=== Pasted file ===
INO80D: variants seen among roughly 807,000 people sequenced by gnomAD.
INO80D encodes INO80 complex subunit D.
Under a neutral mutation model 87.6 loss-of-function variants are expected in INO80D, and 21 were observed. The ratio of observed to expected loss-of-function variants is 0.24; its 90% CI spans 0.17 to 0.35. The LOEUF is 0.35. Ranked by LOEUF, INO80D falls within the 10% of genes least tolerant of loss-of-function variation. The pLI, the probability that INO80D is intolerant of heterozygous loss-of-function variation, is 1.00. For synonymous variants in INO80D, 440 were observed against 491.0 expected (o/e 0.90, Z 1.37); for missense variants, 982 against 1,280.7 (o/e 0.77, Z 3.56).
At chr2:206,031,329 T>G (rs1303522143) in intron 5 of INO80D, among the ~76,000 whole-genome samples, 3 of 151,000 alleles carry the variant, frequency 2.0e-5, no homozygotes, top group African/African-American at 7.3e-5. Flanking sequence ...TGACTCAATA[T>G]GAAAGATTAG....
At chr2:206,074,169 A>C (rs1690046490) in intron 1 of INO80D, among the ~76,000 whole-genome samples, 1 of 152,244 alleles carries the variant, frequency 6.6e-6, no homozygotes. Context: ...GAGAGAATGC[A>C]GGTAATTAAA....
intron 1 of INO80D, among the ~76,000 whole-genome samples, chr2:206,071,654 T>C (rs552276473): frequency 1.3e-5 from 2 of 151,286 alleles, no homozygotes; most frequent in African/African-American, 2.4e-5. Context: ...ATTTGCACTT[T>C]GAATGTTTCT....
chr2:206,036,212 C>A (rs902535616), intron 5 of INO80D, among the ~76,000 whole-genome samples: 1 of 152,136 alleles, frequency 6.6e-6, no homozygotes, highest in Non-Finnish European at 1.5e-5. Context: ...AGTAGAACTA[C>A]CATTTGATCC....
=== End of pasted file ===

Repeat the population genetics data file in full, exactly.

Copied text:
INO80D: variants seen among roughly 807,000 people sequenced by gnomAD.
INO80D encodes INO80 complex subunit D.
Under a neutral mutation model 87.6 loss-of-function variants are expected in INO80D, and 21 were observed. The ratio of observed to expected loss-of-function variants is 0.24; its 90% CI spans 0.17 to 0.35. The LOEUF is 0.35. Ranked by LOEUF, INO80D falls within the 10% of genes least tolerant of loss-of-function variation. The pLI, the probability that INO80D is intolerant of heterozygous loss-of-function variation, is 1.00. For synonymous variants in INO80D, 440 were observed against 491.0 expected (o/e 0.90, Z 1.37); for missense variants, 982 against 1,280.7 (o/e 0.77, Z 3.56).
At chr2:206,031,329 T>G (rs1303522143) in intron 5 of INO80D, among the ~76,000 whole-genome samples, 3 of 151,000 alleles carry the variant, frequency 2.0e-5, no homozygotes, top group African/African-American at 7.3e-5. Flanking sequence ...TGACTCAATA[T>G]GAAAGATTAG....
At chr2:206,074,169 A>C (rs1690046490) in intron 1 of INO80D, among the ~76,000 whole-genome samples, 1 of 152,244 alleles carries the variant, frequency 6.6e-6, no homozygotes. Context: ...GAGAGAATGC[A>C]GGTAATTAAA....
intron 1 of INO80D, among the ~76,000 whole-genome samples, chr2:206,071,654 T>C (rs552276473): frequency 1.3e-5 from 2 of 151,286 alleles, no homozygotes; most frequent in African/African-American, 2.4e-5. Context: ...ATTTGCACTT[T>C]GAATGTTTCT....
chr2:206,036,212 C>A (rs902535616), intron 5 of INO80D, among the ~76,000 whole-genome samples: 1 of 152,136 alleles, frequency 6.6e-6, no homozygotes, highest in Non-Finnish European at 1.5e-5. Context: ...AGTAGAACTA[C>A]CATTTGATCC....